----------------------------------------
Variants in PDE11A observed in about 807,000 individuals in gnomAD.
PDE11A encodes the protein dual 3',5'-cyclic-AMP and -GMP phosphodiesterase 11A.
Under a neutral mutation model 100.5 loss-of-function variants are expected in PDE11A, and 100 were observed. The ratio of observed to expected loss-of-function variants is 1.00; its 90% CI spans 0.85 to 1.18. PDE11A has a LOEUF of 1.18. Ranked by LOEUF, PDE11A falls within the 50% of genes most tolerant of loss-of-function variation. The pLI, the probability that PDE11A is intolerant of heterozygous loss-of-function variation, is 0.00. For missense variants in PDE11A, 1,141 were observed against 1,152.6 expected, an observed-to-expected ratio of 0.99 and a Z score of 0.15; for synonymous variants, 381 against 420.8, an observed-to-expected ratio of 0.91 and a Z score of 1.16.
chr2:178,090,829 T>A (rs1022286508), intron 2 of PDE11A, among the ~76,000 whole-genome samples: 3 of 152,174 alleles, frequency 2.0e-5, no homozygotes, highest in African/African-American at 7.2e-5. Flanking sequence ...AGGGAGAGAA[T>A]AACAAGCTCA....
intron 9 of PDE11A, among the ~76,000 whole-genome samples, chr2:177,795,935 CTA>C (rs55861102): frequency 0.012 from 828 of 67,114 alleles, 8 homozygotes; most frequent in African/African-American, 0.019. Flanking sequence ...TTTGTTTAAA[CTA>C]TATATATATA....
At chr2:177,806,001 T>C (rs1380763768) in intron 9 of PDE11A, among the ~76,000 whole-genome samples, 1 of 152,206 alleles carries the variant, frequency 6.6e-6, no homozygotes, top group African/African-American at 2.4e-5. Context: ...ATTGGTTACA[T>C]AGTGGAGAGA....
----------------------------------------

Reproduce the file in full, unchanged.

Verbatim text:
Variants in PDE11A observed in about 807,000 individuals in gnomAD.
PDE11A encodes the protein dual 3',5'-cyclic-AMP and -GMP phosphodiesterase 11A.
Under a neutral mutation model 100.5 loss-of-function variants are expected in PDE11A, and 100 were observed. The ratio of observed to expected loss-of-function variants is 1.00; its 90% CI spans 0.85 to 1.18. PDE11A has a LOEUF of 1.18. Ranked by LOEUF, PDE11A falls within the 50% of genes most tolerant of loss-of-function variation. The pLI, the probability that PDE11A is intolerant of heterozygous loss-of-function variation, is 0.00. For missense variants in PDE11A, 1,141 were observed against 1,152.6 expected, an observed-to-expected ratio of 0.99 and a Z score of 0.15; for synonymous variants, 381 against 420.8, an observed-to-expected ratio of 0.91 and a Z score of 1.16.
chr2:178,090,829 T>A (rs1022286508), intron 2 of PDE11A, among the ~76,000 whole-genome samples: 3 of 152,174 alleles, frequency 2.0e-5, no homozygotes, highest in African/African-American at 7.2e-5. Flanking sequence ...AGGGAGAGAA[T>A]AACAAGCTCA....
intron 9 of PDE11A, among the ~76,000 whole-genome samples, chr2:177,795,935 CTA>C (rs55861102): frequency 0.012 from 828 of 67,114 alleles, 8 homozygotes; most frequent in African/African-American, 0.019. Flanking sequence ...TTTGTTTAAA[CTA>C]TATATATATA....
At chr2:177,806,001 T>C (rs1380763768) in intron 9 of PDE11A, among the ~76,000 whole-genome samples, 1 of 152,206 alleles carries the variant, frequency 6.6e-6, no homozygotes, top group African/African-American at 2.4e-5. Context: ...ATTGGTTACA[T>C]AGTGGAGAGA....